Dr. Sten Vermund is a pediatrician and infectious disease epidemiologist focused on diseases of low and middle income countries. His work on HIV-HPV interactions among women in Bronx methadone programs motivated a change in the 1993 CDC AIDS case surveillance definition and inspired cervical cancer screening programs launched within HIV/AIDS programs around the world. The thrust of his research has focused on health care access, adolescent sexual and reproductive health and rights, and prevention of  HIV transmission among general and key populations, including mother-to-child.  Dr. Vermund has become increasingly engaged in health policy, particularly around sustainability of HIV/AIDS programs and their expansion to non-communicable diseases, coronavirus pandemic response and prevention, and public health workforce development.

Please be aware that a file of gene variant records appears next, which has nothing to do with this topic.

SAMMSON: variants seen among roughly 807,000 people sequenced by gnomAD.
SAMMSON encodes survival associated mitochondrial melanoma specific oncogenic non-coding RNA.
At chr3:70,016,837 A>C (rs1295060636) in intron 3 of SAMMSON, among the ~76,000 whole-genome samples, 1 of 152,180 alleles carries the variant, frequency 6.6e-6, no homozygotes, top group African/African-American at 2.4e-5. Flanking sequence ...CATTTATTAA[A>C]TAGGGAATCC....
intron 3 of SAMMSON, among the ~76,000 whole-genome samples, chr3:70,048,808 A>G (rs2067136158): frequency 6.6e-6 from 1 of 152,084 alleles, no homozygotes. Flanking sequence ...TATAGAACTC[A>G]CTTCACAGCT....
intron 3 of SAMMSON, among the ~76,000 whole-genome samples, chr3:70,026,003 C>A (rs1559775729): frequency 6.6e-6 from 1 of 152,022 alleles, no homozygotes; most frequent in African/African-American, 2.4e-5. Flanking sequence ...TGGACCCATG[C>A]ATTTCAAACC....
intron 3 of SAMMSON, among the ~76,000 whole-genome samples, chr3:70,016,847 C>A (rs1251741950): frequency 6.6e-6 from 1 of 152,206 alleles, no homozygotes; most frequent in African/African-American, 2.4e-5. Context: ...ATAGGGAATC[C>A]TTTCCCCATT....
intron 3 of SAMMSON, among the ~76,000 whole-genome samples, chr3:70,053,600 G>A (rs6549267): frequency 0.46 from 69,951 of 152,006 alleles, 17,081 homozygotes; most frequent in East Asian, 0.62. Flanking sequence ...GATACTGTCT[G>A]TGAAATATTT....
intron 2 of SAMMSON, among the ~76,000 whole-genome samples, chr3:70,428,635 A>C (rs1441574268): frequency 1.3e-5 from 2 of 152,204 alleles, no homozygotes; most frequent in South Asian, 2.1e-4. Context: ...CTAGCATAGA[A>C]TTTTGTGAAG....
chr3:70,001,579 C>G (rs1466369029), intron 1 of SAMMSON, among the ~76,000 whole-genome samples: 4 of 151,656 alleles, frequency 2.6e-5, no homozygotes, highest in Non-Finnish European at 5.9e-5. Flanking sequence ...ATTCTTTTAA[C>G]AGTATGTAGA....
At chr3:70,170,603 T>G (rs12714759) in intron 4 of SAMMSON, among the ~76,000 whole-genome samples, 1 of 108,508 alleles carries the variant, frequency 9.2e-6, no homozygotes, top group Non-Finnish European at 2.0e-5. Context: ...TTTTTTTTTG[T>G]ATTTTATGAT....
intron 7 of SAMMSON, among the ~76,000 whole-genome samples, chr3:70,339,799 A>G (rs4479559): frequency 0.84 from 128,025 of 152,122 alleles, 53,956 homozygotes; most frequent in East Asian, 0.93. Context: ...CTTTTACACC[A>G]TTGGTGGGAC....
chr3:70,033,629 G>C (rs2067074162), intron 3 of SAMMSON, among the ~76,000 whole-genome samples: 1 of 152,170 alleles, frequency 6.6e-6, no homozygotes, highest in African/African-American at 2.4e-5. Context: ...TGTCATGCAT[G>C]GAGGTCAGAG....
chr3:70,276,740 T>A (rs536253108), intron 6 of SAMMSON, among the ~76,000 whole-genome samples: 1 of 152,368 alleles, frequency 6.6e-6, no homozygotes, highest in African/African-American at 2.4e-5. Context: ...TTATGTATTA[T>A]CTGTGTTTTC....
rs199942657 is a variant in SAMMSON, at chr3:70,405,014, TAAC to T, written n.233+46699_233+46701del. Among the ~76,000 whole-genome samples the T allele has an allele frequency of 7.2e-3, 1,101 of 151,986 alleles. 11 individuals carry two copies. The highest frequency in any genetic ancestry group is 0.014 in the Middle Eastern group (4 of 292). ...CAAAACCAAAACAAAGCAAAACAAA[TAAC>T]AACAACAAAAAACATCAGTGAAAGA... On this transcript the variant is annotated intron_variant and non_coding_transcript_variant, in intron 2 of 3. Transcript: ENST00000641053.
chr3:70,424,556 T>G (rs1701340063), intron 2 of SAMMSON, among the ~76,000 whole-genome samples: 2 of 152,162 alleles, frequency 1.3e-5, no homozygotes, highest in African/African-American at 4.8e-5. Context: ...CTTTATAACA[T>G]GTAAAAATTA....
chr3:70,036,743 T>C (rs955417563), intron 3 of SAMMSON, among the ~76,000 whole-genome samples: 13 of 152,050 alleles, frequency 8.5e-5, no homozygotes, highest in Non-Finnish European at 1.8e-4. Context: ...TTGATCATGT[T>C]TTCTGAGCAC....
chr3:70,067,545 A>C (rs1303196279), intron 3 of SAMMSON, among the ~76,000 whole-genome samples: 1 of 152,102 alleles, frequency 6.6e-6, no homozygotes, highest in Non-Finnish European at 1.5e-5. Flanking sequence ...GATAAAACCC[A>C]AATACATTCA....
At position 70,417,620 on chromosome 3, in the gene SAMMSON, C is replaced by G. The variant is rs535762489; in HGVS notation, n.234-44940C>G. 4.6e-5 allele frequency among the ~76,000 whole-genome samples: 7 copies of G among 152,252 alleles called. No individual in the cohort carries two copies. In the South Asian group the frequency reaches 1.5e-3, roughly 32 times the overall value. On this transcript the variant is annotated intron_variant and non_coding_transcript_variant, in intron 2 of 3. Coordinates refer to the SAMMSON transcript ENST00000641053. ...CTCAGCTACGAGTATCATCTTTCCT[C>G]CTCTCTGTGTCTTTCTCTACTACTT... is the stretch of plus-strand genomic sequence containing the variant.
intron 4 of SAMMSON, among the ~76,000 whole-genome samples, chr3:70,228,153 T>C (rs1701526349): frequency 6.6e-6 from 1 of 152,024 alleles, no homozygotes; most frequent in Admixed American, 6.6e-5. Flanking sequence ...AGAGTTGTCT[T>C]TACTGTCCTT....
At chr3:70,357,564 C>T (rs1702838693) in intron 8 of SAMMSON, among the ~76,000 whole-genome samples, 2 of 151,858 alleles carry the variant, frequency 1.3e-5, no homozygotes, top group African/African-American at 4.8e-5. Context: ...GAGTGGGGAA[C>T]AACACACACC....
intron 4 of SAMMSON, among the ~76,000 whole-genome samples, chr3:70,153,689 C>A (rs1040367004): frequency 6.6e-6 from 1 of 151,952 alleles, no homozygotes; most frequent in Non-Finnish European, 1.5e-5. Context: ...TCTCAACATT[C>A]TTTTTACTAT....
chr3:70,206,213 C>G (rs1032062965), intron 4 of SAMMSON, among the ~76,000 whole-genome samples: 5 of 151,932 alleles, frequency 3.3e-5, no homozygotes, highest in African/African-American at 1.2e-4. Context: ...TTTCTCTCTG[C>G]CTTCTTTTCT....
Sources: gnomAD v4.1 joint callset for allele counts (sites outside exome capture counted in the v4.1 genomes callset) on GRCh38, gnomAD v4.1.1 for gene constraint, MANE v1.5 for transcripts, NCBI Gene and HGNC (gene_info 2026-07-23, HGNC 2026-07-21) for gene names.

• Michael Wininger

    Academic Services Provider

    Michael Wininger is an Assistant Clinical Professor at the Yale School of Public Health, Department of Biostatistics. He maintains a co-appointment at the Department of Veterans Affairs Cooperative Studies Program (Statistician of Medicine). Dr. Wininger's areas of focus are in device data stream analysis, applied algorithmics, clinical trial design and operation.